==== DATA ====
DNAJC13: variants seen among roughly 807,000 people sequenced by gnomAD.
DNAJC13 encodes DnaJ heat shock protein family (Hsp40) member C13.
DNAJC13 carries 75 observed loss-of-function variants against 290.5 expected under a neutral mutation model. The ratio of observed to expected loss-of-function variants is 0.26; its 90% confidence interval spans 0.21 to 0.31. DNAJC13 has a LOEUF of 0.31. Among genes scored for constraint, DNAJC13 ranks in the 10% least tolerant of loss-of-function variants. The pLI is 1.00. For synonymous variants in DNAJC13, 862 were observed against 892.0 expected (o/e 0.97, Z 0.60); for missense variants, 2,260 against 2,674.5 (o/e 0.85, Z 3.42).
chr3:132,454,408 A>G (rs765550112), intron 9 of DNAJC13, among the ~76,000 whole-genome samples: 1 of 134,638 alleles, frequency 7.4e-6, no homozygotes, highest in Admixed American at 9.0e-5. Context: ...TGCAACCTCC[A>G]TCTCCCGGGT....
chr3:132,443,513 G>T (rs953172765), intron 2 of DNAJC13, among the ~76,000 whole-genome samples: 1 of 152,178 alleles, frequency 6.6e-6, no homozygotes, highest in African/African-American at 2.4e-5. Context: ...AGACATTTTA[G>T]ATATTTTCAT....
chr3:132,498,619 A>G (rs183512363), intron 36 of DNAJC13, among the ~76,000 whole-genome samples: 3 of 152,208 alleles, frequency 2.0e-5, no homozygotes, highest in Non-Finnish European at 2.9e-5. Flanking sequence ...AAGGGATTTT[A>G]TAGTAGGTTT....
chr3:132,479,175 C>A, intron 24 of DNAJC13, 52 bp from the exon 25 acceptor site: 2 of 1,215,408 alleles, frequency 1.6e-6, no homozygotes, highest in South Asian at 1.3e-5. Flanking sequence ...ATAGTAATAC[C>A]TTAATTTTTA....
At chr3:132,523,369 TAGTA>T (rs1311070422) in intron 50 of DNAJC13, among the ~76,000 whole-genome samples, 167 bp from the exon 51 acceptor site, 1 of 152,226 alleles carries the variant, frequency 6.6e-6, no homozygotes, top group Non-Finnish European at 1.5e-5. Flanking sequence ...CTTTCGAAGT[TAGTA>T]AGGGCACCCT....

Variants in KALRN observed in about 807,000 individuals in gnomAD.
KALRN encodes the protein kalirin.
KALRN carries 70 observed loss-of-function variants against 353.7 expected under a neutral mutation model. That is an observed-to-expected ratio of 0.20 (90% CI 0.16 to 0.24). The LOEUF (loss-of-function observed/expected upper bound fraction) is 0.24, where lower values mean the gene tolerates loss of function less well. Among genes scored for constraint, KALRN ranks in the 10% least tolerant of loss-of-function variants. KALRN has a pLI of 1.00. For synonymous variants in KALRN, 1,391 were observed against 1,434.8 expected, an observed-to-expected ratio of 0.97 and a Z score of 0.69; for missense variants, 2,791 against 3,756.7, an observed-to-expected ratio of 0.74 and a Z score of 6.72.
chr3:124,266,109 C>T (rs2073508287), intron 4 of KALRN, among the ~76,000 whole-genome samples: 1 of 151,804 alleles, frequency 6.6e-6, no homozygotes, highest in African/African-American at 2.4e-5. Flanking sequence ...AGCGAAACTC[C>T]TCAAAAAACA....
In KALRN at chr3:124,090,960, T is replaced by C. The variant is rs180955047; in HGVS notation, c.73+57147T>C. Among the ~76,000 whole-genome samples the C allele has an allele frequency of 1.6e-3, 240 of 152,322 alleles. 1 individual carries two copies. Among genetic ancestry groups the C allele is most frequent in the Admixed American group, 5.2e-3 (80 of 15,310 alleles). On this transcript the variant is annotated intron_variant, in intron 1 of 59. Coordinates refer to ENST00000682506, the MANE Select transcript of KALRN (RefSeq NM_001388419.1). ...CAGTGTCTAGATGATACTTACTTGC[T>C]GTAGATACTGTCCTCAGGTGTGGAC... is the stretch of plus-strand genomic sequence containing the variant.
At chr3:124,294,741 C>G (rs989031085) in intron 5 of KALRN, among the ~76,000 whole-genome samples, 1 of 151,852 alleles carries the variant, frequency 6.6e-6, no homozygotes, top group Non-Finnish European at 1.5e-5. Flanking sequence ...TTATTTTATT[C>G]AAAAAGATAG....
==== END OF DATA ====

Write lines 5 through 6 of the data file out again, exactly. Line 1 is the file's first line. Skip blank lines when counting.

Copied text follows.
chr3:132,443,513 G>T (rs953172765), intron 2 of DNAJC13, among the ~76,000 whole-genome samples: 1 of 152,178 alleles, frequency 6.6e-6, no homozygotes, highest in African/African-American at 2.4e-5. Context: ...AGACATTTTA[G>T]ATATTTTCAT....
chr3:132,498,619 A>G (rs183512363), intron 36 of DNAJC13, among the ~76,000 whole-genome samples: 3 of 152,208 alleles, frequency 2.0e-5, no homozygotes, highest in Non-Finnish European at 2.9e-5. Flanking sequence ...AAGGGATTTT[A>G]TAGTAGGTTT....